Beach fans will enjoy restoring critical habitat for several endangered species at Muir Beach with the Park Stewardship team. This quiet cove, beach, and lagoon is tucked into the coastline just three miles west of Muir Woods. Multiple trails in the area offer breathtaking views of the Pacific Ocean and Marin coastline, scenic explorations of Coyote Ridge, or southern coastal hikes. Don’t forget to visit the Muir Beach Overlook for a one-of-a-kind view of the ocean where your photos will give any social network friends fomo.
For five consecutive days, 15 youth from Civic Center Secondary School and Downtown High School visit and learn about four different national park sites in the Bay Area. African-American National Park Service (NPS) rangers connect youth to African-American history that seldom makes it into classroom lessons in traditional education settings. The Center staff help orient the students and create a safe space before leading students in artistic development through the creation of zines, small easily replicable magazines that can be distributed to inform and educate. In this way, the experience doesn't just stay with the group but can be easily disseminated to others.
“It's important to create an experience where students feel confident with each other to share and grow,” said Ranger Lucien Sonder, who helps coordinate the Park Hop program. “The Center staff help create a space where people feel comfortable sharing with each other.”
The trip presents an opportunity for youth to learn and express themselves as they grow from the experience, connecting with the stories and broadening their idea of what parks are and their own individual place in history. Trips like this help park staff determine what is relevant and meaningful to youth. The Center also pays students a stipend, which offers positive time and incentive to continue learning and growing.
“I felt it valuable that we actually got a chance to get out of the school for that spring break and not go to a school and learn about these things,” said Dimitri, a Downtown High School student and 2018 Park Hop participant. “We actually visited these places and talked to these people who actually work there hands on, not just out of a book or something like that.”
Downtown High School Assistant Principal Todd Williams encourages students to apply and participate in the Park Hop program. He understands that most of his students live in the city and infrequently visit national parks or spend time outdoors, an experience that he feels is fundamental to personal and human development. He said, “we believe educationally that people learn more through experience.”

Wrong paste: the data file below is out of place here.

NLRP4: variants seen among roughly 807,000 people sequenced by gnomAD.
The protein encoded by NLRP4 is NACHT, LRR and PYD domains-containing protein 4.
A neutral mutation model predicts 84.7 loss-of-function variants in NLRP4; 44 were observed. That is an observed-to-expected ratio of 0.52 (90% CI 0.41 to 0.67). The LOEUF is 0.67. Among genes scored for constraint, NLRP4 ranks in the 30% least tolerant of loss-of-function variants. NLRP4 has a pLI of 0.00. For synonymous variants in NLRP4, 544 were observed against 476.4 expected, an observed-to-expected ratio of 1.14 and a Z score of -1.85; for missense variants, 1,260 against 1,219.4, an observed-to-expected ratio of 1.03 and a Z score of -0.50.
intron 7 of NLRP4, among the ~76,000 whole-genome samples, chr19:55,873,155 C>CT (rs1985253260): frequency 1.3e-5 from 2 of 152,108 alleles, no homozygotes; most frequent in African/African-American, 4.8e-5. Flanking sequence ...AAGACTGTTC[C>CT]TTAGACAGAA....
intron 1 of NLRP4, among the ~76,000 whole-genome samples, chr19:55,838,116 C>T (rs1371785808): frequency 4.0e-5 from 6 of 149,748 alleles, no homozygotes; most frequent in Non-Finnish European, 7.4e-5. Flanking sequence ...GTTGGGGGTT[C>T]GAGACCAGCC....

Beginning at the Presidio stables, students learn about the Buffalo Soldier cavalry regiments who used them for short periods on their rotations to and from the Philippines. The stables are currently used by the mounted officers of the U.S. Park Police, who meet with students and describe pathways to working for the department.
The following day, a visit to Alcatraz Island holds lessons about African-American prisoners who are lesser known than some of the island’s more infamous inmates. Young people will also experience Future IDs, a yearlong project, exhibition, and series of monthly public programs that’s open through October in the New Industries Building. The installation features ID-inspired artworks created by and with individuals who have conviction histories as they conceive and develop a vision for a future self.
A visit to the Rosie the Riveter WWII Home Front National Historical Park introduces youth to Betty Reid Soskin, the oldest National Park Ranger in the United States at age 97. Ranger Betty recounts her experiences as a young African-American woman during WWII, the broader experiences of people of color during the time, and how they contrasted with the nostalgic perceptions of populations not identifying as people of color. Chief of Interpretation Ranger Kelli English tells the history of the Port Chicago disaster, a munitions explosion that occurred on July 17, 1944, at the Port Chicago Naval Magazine in Port Chicago, Calif. The incident revealed how the racially segregated military’s treatment of African-American sailors led to the devastating moment.
Park Hop spends a day touring the San Francisco Maritime National Historical Park with Ranger NoeMesha Williams, who initially conceived of the Park Hop program. She guides them through the Maritime Museum, which houses art by Sargent Claude Johnson, a prominent black sculptor, ceramicist, painter, and lithographer.
Lastly, students return to the Presidio for an overnight at Rob Hill Campground, experiencing a memorable evening in the outdoors within the boundaries of San Francisco. The trip ends with an in-school presentation to other students, where trip participants are able to share their experiences and lessons with others and expand the history of these people and park sites. It serves as an outreach mechanism as told by youth to other youth.
“These are young people who are taking their leisure time to explore and connect with history and nature. We serve both sides of young people who are hungry for knowledge and connection. They also want to have fun and be youthful,” said Ernesto Pepito, Associate Director for Youth Leadership at the Crissy Field Center.
Planning your spring break? The Golden Gate National Recreation and surrounding Bay Area parks have adventures in multiple sizes. Planning your visit is easy with our “Find Your Park” page, your gateway to over 80,000 acres of trails, shorelines, and wilderness along the Pacific. Use the filters to search by county, activity, or service and Find Your Park.